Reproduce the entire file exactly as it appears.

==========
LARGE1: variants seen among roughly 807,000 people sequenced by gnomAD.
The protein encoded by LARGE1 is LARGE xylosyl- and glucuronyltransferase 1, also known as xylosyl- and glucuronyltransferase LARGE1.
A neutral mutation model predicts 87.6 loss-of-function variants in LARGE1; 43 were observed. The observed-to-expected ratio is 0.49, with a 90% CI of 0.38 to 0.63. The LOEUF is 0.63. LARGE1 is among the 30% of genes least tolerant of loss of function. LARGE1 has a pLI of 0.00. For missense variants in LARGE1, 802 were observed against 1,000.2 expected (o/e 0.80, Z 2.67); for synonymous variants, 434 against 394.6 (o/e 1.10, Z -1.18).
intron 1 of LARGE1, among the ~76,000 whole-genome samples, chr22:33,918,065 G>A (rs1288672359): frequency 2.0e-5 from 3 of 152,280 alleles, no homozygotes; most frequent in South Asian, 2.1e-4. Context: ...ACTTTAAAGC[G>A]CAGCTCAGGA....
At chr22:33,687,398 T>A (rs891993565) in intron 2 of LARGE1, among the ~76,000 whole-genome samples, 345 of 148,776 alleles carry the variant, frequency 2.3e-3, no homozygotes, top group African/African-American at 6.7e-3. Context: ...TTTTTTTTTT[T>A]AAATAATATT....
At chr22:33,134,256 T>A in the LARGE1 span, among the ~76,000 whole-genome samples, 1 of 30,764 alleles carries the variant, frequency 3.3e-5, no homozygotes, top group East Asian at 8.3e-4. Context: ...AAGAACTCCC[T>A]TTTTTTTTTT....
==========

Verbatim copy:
LARGE1: variants seen among roughly 807,000 people sequenced by gnomAD.
The protein encoded by LARGE1 is LARGE xylosyl- and glucuronyltransferase 1, also known as xylosyl- and glucuronyltransferase LARGE1.
A neutral mutation model predicts 87.6 loss-of-function variants in LARGE1; 43 were observed. The observed-to-expected ratio is 0.49, with a 90% CI of 0.38 to 0.63. The LOEUF is 0.63. LARGE1 is among the 30% of genes least tolerant of loss of function. LARGE1 has a pLI of 0.00. For missense variants in LARGE1, 802 were observed against 1,000.2 expected (o/e 0.80, Z 2.67); for synonymous variants, 434 against 394.6 (o/e 1.10, Z -1.18).
intron 1 of LARGE1, among the ~76,000 whole-genome samples, chr22:33,918,065 G>A (rs1288672359): frequency 2.0e-5 from 3 of 152,280 alleles, no homozygotes; most frequent in South Asian, 2.1e-4. Context: ...ACTTTAAAGC[G>A]CAGCTCAGGA....
At chr22:33,687,398 T>A (rs891993565) in intron 2 of LARGE1, among the ~76,000 whole-genome samples, 345 of 148,776 alleles carry the variant, frequency 2.3e-3, no homozygotes, top group African/African-American at 6.7e-3. Context: ...TTTTTTTTTT[T>A]AAATAATATT....
At chr22:33,134,256 T>A in the LARGE1 span, among the ~76,000 whole-genome samples, 1 of 30,764 alleles carries the variant, frequency 3.3e-5, no homozygotes, top group East Asian at 8.3e-4. Context: ...AAGAACTCCC[T>A]TTTTTTTTTT....